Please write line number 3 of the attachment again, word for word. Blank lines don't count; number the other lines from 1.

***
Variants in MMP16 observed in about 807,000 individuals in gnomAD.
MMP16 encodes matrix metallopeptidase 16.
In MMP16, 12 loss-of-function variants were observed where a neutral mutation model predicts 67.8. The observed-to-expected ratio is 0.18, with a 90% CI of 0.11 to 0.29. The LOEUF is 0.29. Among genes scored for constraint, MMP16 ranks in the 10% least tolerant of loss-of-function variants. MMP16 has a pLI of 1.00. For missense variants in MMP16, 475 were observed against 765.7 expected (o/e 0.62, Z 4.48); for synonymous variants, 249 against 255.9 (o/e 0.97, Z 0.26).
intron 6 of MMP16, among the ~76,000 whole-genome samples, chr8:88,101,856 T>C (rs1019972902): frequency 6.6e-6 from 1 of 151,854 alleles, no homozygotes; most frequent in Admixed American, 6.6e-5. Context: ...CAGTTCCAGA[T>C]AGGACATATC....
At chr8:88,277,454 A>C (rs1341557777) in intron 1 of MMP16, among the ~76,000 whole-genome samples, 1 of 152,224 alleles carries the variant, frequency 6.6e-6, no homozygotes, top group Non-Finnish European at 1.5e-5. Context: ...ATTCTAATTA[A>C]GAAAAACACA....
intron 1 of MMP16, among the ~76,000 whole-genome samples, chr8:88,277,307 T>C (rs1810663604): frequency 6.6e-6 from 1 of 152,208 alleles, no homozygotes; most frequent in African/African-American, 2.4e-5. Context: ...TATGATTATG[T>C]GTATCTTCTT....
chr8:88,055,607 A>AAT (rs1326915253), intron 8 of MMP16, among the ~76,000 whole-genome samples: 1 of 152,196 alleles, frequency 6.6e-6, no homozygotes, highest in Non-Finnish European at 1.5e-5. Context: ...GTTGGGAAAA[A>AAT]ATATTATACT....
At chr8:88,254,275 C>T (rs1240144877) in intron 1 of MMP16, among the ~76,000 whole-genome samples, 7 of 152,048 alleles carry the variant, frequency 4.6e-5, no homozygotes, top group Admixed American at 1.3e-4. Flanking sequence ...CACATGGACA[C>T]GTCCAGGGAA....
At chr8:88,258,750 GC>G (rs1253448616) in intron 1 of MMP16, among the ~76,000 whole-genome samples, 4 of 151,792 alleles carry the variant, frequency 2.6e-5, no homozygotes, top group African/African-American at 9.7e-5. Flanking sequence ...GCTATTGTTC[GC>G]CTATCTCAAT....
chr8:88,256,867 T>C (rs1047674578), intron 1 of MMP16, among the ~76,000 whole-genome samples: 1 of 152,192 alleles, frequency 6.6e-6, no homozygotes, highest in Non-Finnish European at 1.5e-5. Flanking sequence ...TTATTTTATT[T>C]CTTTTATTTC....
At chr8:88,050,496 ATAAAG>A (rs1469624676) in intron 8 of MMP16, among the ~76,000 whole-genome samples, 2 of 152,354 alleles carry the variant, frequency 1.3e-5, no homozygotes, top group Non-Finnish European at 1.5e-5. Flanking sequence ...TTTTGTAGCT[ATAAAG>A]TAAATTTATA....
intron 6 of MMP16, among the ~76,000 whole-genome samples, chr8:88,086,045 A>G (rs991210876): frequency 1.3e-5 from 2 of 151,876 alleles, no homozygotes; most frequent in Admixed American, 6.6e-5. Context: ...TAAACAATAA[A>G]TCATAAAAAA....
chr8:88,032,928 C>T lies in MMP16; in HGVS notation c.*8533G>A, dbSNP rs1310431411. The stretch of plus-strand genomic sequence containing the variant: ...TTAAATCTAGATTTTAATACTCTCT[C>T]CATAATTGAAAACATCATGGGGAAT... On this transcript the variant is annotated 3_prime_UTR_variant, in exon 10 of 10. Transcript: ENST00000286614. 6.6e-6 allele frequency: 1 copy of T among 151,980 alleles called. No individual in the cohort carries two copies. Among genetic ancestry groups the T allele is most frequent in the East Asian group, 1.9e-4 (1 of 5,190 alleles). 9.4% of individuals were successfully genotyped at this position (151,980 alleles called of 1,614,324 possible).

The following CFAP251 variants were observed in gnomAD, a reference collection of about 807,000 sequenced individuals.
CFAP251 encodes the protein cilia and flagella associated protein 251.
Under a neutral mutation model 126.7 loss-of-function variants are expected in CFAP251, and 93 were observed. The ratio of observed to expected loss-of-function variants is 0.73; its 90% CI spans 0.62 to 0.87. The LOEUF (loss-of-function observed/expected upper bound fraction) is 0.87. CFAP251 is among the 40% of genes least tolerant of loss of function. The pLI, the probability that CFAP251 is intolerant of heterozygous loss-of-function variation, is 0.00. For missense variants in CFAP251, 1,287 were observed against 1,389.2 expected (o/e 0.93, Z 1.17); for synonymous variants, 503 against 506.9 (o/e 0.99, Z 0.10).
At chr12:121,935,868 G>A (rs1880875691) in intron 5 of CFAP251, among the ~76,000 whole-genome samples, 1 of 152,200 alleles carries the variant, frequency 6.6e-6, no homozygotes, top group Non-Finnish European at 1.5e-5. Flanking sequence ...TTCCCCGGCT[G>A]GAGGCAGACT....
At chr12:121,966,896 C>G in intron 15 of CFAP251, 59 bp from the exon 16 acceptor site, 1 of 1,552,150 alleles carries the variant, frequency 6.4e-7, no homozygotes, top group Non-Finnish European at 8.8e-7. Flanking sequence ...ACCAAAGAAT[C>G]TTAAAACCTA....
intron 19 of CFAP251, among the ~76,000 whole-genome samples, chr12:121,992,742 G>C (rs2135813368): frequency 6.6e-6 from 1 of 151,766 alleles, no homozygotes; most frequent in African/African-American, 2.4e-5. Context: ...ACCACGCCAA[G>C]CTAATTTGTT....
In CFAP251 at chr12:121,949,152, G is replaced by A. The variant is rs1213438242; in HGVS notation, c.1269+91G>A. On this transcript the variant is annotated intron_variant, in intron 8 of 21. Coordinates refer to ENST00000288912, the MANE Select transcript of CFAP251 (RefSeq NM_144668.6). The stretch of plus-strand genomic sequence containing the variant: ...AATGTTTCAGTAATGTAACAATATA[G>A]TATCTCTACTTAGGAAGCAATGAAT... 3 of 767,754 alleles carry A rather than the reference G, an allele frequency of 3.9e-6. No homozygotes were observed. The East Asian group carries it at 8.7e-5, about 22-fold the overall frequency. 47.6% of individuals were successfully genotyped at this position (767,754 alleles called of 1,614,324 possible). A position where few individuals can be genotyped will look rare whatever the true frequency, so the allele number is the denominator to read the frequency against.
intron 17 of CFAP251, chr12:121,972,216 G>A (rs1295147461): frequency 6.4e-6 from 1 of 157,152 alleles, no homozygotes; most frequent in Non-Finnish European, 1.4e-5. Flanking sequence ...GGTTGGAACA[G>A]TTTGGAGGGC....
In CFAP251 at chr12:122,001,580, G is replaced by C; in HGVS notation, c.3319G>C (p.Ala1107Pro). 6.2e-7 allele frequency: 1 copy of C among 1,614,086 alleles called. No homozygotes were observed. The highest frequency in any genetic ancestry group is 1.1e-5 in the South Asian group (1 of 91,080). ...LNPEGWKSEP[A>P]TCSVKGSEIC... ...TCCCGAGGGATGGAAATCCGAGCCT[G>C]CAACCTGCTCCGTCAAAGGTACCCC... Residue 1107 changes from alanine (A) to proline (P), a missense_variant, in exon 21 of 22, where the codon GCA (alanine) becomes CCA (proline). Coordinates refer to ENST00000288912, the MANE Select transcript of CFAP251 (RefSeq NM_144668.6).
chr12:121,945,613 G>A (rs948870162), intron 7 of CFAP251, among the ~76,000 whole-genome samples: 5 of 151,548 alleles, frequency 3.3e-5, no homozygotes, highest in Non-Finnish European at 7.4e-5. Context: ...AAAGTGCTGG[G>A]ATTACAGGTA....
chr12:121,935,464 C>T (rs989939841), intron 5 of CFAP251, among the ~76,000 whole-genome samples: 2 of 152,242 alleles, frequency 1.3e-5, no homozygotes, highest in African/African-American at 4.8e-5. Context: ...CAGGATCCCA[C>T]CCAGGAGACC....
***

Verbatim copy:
In MMP16, 12 loss-of-function variants were observed where a neutral mutation model predicts 67.8. The observed-to-expected ratio is 0.18, with a 90% CI of 0.11 to 0.29. The LOEUF is 0.29. Among genes scored for constraint, MMP16 ranks in the 10% least tolerant of loss-of-function variants. MMP16 has a pLI of 1.00. For missense variants in MMP16, 475 were observed against 765.7 expected (o/e 0.62, Z 4.48); for synonymous variants, 249 against 255.9 (o/e 0.97, Z 0.26).